DOT urges heightened motorist awareness as deer rut begins
Over the next few months, motorists across Wisconsin will need to be especially alert for the potential of deer to dart suddenly across roadways. Traffic safety officials with the Wisconsin Department of Transportation (WisDOT) note that deer/vehicle crashes typically peak during October and November as bucks pursue potential mates.
“The best way for motorists to protect themselves and avoid hitting a deer is to buckle up, slow down and carefully scan the road ahead,” said David Pabst, Director of the WisDOT Bureau of Transportation Safety. “Deer can be spotted any time of day, but are most active at dusk and dawn. And if you see one deer cross your path, expect more to follow.”
Last year, Wisconsin law enforcement agencies reported 20,413 crashes between deer and motor vehicles. Dane County had the most with 1,006, followed by Waukesha County with 871 and Washington County with 766. In Green Lake, Kewaunee, Shawano, Vernon and Waupaca counties, more than half of all reported crashes in 2016 involved deer.
“If you can’t avoid a deer in your path, the safest option is to hit the brakes and the deer,” Pabst said. “If you swerve suddenly, you can lose control and then you risk a more serious collision with another vehicle or a stationary object such as a tree or utility pole.”
The one exception to the “don’t swerve” recommendation applies to motorcyclists. Motorcycle drivers should slow down, brake firmly and swerve if necessary to avoid hitting the deer. Motorcyclists should try to stay within their driving lane to avoid hitting other vehicles or objects. Of the 11 deaths in deer/vehicle crashes in Wisconsin last year, all were motorcyclists.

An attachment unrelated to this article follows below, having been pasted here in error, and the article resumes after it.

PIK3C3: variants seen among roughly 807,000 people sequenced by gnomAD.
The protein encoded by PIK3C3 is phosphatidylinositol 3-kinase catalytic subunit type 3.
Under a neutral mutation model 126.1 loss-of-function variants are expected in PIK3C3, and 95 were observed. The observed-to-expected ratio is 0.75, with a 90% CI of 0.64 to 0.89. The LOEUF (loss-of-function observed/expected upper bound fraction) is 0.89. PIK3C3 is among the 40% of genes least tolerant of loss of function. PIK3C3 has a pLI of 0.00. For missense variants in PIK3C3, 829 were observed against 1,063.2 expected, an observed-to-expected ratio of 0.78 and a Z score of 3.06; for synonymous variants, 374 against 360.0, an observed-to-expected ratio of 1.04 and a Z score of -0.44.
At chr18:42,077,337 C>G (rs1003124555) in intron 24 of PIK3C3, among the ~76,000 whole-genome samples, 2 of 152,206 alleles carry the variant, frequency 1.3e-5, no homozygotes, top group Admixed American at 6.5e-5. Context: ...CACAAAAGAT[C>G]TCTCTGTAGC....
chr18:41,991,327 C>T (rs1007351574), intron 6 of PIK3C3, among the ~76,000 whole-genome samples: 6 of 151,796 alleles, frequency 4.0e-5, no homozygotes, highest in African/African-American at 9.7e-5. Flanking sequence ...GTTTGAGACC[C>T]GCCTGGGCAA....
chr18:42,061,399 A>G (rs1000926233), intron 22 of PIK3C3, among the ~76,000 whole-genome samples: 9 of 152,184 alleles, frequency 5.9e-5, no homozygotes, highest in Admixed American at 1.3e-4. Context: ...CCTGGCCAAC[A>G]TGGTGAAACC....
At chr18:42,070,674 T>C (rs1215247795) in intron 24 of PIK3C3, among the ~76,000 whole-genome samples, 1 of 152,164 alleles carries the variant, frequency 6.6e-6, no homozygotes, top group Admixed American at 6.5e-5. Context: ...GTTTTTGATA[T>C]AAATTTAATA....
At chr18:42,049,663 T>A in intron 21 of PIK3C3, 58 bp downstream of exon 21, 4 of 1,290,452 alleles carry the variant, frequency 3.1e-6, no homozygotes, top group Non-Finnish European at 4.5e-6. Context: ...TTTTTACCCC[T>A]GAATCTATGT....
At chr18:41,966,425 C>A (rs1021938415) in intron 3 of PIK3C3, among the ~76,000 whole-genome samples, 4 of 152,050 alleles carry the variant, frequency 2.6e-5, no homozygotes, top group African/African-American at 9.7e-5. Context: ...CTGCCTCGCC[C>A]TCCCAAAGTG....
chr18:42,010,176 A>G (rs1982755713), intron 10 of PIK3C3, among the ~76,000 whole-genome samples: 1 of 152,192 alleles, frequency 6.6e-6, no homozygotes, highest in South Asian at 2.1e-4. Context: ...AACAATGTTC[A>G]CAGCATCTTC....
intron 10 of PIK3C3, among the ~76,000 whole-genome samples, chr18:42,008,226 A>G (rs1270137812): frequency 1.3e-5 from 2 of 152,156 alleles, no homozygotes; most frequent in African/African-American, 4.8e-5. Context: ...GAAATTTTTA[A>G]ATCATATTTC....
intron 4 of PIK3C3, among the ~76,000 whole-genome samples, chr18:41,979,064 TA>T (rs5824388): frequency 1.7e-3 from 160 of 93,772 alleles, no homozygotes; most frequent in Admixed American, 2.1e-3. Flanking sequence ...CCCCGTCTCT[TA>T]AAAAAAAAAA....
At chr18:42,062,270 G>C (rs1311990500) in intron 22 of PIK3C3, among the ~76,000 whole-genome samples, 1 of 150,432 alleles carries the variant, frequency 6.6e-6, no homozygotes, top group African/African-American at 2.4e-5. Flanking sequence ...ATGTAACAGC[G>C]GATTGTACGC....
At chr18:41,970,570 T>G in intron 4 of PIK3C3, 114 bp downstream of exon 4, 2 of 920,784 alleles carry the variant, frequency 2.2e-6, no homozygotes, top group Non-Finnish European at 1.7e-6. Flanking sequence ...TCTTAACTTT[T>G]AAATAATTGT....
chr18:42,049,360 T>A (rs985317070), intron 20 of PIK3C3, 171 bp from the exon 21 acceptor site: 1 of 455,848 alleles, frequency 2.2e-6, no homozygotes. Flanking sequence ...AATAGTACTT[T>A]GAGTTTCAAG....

Tips to avoid deer crashes
Slow down and eliminate distractions.
Always wear your safety belt – there are fewer and less severe injuries in crashes when all vehicle occupants wear safety belts.
Be especially vigilant in early morning and evening hours when deer are most active.
If you see a deer along the road, slow down and blow your horn with one long blast to frighten the animal away.
When one deer appears, look for more. Deer seldom run alone.
If you find a deer looming in your headlights, don’t expect it to move away.
Headlights can confuse a deer and cause the animal to freeze.
Brake firmly when you notice a deer in or near your path.
Do not swerve.
Swerving can confuse the deer as to where to run, and can also cause you to lose control of your vehicle and result in a much more serious crash.
The one exception is if you are operating a motorcycle, in which case you should slow down, brake firmly and then swerve if necessary to avoid hitting the deer. Try to stay within your lane if at all possible to avoid hitting other objects.
If you do hit a deer:
Get your vehicle safely off the road if possible and call law enforcement.
It’s generally safest to stay buckled-up inside your vehicle. Walking along the highway is very dangerous as you could be struck by another vehicle.
Don’t attempt to move an injured deer.